As I think I’ve mentioned before, China’s beer availability is miles ahead of Korea’s. So, when I see something new, I feel a distinct need to see if it will fill the void in my heart.
This time I chose the Staffordshire India Pale Ale, an exclusive to the department store Marks & Spencer.
While shopping the other day spotted the Staffordshire India Pale –among a handful of other exclusive beers– in the store’s cold case.
Sold at 30RMB for 500ml, this beer is comparable in price to most specialty brews individually sold at foreigner-oriented grocers like City Shop around Shanghai. India Pales are a rarity, so I couldn’t pass it up.
The bottle states the beer actually produced by Marston’s Brewery, which has a long history of brewing ales in the UK. According to RateBeer the Staffordshire IPA is an alias for the now-retired Marston’s India Export Ale.
The Staffordshire pours nicely with a full, frothy head. It had a distinct amber color and a nice frothy head. On initial inspection, it lacked any sort of distinct smell of hops. There was a hint of malt, but its (lack of a) smell had me a little worried about the taste.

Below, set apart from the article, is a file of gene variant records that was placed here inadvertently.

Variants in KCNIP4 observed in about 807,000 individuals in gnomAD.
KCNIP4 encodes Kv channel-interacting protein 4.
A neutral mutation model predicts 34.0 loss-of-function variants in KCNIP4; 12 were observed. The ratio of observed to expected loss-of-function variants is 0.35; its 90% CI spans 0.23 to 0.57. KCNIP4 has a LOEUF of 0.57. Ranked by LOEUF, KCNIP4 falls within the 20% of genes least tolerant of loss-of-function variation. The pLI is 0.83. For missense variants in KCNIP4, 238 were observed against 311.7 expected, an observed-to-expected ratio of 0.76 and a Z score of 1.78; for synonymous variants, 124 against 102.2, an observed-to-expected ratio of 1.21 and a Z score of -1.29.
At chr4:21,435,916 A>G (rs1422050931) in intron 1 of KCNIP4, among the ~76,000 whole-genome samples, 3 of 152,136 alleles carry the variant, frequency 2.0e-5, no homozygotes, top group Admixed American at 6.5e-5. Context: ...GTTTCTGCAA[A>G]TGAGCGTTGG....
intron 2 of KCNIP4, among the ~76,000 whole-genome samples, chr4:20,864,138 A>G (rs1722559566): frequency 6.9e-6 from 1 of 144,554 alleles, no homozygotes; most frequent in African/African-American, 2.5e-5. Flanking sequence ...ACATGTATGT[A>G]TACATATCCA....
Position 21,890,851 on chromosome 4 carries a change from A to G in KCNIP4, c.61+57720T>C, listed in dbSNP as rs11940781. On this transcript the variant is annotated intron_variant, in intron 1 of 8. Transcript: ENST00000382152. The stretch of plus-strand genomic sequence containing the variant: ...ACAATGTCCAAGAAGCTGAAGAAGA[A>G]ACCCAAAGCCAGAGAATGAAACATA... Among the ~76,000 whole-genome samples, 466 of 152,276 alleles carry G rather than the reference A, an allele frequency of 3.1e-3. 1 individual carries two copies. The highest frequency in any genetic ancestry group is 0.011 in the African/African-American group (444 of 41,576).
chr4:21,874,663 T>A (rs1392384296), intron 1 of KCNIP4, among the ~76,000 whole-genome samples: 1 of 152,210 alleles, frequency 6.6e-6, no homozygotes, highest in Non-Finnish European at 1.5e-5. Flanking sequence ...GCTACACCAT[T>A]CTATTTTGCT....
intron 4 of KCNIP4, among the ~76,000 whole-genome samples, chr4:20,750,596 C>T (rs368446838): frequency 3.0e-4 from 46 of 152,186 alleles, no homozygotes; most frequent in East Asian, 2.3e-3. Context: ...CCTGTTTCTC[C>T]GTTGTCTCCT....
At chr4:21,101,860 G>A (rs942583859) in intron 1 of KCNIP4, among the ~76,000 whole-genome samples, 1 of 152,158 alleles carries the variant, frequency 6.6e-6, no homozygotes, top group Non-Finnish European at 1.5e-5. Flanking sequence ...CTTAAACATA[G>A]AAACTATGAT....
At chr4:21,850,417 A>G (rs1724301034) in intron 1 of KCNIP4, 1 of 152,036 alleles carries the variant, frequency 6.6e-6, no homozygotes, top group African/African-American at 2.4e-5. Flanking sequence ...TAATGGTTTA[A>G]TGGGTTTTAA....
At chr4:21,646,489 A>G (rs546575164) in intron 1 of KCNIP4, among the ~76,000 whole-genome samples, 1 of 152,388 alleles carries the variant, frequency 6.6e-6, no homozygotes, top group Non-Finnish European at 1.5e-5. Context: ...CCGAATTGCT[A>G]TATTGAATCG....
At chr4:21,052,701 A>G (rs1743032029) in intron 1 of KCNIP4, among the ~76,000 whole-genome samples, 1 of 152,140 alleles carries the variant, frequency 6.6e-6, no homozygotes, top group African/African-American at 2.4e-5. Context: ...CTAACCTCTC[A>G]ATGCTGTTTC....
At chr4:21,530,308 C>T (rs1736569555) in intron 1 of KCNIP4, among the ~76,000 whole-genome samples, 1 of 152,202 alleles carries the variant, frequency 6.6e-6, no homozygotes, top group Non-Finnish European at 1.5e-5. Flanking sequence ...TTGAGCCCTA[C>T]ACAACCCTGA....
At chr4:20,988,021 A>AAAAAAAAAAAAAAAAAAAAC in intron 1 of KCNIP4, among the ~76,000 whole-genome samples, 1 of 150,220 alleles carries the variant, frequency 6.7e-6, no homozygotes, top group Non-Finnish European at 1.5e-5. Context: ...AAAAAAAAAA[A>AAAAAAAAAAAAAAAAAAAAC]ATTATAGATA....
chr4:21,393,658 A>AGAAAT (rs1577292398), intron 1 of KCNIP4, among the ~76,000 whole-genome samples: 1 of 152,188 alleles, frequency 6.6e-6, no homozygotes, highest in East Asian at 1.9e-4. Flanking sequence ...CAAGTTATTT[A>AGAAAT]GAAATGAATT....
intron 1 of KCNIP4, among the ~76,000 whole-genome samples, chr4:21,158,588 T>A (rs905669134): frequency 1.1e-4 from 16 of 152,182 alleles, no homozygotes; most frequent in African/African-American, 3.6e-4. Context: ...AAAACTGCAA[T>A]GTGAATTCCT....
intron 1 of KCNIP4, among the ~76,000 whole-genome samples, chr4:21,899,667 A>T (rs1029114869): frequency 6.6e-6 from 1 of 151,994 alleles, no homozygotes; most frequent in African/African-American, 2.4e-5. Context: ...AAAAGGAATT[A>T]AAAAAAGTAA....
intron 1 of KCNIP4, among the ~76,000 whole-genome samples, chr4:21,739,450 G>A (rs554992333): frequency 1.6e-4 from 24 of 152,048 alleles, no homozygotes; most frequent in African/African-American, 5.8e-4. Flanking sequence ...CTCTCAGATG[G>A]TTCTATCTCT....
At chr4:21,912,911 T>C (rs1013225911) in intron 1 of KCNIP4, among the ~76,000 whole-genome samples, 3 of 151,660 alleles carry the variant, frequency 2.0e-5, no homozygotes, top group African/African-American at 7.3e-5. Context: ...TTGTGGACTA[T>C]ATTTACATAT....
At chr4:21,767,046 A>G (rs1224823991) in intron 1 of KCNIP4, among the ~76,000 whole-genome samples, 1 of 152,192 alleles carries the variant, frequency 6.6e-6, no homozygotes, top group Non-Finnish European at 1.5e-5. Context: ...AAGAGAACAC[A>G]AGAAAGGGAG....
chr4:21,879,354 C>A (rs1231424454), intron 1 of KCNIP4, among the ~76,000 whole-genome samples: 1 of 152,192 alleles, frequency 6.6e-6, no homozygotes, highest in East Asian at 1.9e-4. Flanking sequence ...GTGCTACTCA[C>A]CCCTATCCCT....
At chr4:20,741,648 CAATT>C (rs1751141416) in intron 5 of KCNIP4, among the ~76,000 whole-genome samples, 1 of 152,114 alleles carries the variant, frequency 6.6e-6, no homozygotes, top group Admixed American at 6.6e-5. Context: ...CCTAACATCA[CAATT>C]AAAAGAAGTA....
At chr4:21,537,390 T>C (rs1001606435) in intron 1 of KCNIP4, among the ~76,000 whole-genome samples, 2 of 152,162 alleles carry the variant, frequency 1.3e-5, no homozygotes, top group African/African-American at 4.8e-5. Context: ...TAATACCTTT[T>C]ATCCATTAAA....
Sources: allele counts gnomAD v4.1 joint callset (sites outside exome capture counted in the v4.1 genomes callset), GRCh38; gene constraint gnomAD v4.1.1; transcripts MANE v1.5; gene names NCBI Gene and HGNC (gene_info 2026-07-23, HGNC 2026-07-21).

Coming from California, I think I have different expectations of my India Pale Ales. American IPAs are known for their aroma and distinct bitterness and intense taste. Given that it’s almost impossible to find a bottled IPA in Shanghai, I didn’t have any expectation for the Staffordshire whatsoever.
In short: Staffordshire IPA was a pleasant surprise. In true English IPA style, the Cascade, Fuggles and Goldings hops were not front-loaded for an in your face hop punch. It had a mild, but distinct bitterness that would be an excellent first entry into this particular ale style for the common lager drinker. The back label indicates Staffordshire’s “taste intensity” rating is six. I’m not sure what kind of metric was used, but it somehow felt accurate.
While the initial taste wasn’t particularly intense, its aftertaste definitely was. It left a citrusy flavor that finished it off nicely. The malt was definitely there, but not overpowering, and left a crisp taste to finish.
While attempting to find out more information about the beer’s history, I came across a review that succinctly described its taste:
“Initially not a particularly interesting beer, it grew on me as I got towards the bottom of the glass and the bitterness started to build up,” wrote Beer Pole.
Overall, I was pleasantly surprised by Staffordshire’s quality for a brew I would stumble across in Asia. While its 30RMB price is decent (with a 20 percent markup from the UK price), I’m unsure if I will buy it as often as Stone IPA or Green Flash Imperial IPA in the United States. In the end, it will be welcomed change of pace whenever I find myself wandering into Marks & Spencer on West Nanjing Road.